Members asked for more explanation on the transfers and the equitable share, asked what was taken into account in the determinations, and the allocations made in some of the provinces. They wondered how overspending in one year would be corrected in another, and questioned the spending and allocations for disaster funding, particularly in North West and Northern Cape. They asked if there were incentives, and which provinces were under-performing, asked National Treasury to look into what happened to money prior to the year of implementation of the Municipal Infrastructure Grant, asked where broadband infrastructure appeared, and when the numbers of vacant posts in departments would be reported. They asked for clarity whether the number of grants were being reduced, or merely consolidated, how expenditure reductions would affect service delivery, whether reduction on the Expanded Public Works Programme was not in contradiction to the government's aim of job creation, and whether the shifting of funding to the Moloto Road project would affect the general road maintenance grant. They suggested that better monitoring was needed on the 8% that was supposed to be spent on maintenance, wondered why National Treasury and not the provinces were training municipalities, raised concerns about the schools infrastructure programmes, suggested that environmental impact assessments must be done prior to submitting business plans, and  commented that whilst there were opportunities investigated for longer-term loans to municipalities, this might have the unintended effect of actually increasing their debt and spending less on services. One Member suggested that there must be consequences when municipalities failed to perform.
 

Meeting report

Chairperson's opening remarks
Co-Chairperson Mr S Mohai (ANC) welcomed the delegation of senior staff from the National Treasury (NT), led by the Deputy Director-General: Intergovernmental Relations, Ms Malijeng Ngqaleni.

He noted that National Treasury would make presentations on both the 2015 Appropriation Bill and the 2015 Division of Revenue Bill but asked that questions at this meeting should focus on the Division of Revenue Bill (DORB) as the National Treasury would appear before the Committee again the following week.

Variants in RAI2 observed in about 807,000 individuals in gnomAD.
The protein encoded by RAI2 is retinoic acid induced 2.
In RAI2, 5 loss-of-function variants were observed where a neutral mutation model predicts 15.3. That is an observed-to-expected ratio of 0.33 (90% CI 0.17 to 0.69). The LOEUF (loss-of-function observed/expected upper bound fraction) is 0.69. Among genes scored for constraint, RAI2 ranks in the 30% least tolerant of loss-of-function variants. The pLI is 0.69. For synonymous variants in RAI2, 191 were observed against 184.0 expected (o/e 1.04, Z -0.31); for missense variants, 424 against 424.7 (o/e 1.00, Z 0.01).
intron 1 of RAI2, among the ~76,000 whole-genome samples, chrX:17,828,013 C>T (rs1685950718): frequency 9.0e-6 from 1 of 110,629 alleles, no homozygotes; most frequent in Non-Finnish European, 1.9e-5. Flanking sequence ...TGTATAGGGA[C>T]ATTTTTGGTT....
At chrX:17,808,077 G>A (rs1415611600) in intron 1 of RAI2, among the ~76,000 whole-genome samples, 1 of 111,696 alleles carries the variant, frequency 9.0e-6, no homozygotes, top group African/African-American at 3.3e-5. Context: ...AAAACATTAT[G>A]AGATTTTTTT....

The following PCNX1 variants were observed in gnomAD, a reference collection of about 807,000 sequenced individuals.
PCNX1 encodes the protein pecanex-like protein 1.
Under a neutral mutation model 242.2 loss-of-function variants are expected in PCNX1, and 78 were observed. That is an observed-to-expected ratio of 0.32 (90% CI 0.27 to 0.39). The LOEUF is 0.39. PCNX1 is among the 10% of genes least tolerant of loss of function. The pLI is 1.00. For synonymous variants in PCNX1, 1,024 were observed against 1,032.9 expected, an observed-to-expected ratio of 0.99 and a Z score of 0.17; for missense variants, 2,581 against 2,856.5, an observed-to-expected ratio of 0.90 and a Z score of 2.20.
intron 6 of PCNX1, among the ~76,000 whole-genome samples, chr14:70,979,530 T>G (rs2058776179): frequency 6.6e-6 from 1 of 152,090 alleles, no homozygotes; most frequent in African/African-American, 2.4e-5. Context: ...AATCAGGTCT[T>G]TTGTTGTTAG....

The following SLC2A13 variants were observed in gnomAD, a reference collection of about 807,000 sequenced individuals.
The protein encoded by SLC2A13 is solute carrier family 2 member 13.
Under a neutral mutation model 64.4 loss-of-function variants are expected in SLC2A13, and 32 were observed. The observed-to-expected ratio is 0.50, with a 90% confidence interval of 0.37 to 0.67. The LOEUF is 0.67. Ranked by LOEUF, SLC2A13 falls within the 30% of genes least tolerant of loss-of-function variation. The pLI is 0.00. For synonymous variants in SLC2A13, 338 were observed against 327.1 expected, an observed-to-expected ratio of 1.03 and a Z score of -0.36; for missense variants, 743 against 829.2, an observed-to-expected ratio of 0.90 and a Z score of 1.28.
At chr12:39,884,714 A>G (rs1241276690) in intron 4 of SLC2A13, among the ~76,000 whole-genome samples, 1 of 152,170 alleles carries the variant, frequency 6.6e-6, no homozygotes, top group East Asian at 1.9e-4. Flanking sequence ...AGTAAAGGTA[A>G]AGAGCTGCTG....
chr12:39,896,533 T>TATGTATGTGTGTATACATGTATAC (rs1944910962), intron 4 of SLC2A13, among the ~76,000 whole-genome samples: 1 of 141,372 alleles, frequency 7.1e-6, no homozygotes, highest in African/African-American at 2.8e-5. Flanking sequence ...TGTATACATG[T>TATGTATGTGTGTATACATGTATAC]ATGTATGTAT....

2015 Appropriation Bill: National Treasury overview   

Ms Raquel Ferreira, Director: National Budgets, National Treasury, delivered the presentation (see document attached). She said that the Appropriation Bill (the Bill) provided for the appropriation of money from the National Revenue Fund in terms of Section 15 of the Public Finance Management Act (PFMA) of 1999. Spending was subject to the PFMA and the provisions of the Bill itself. For transfers to sub-national government, the 2015 Division of Revenue Bill also contained provisions in terms of which spending must take place.

The Money Bills Amendment Procedure and Related Matter Act 2009 required that after the tabling of a national budget:

1) Parliament must:submit a report to the National Assembly (NA) and the National Council of Provinces (NCOP) on the fiscal framework and revenue proposals;

2) The Division of Revenue Bill must be passed no later than 35 days after adoption of the fiscal framework by Parliament;

3)  Parliament must pass the Appropriation Bill, with or without amendments, within four months after the start of the financial year, namely 31 July 2015.

Prior to the 2015 Appropriation Bill being promulgated, departments would incur expenditure in terms of Section 29 of the PFMA, which made provision for spending before an annual budget was passed. This meant that up until the end of July,their expenditure may not exceed 45% of the 2014/2015 budget, and similarly monthly expenditure could only amount to 10%.

Promulgation of the 2015 Appropriation Act was necessary as soon as possible.

The appropriation of the budget had taken into account the extended and re-organised Cabinet as announced by the President in May 2014.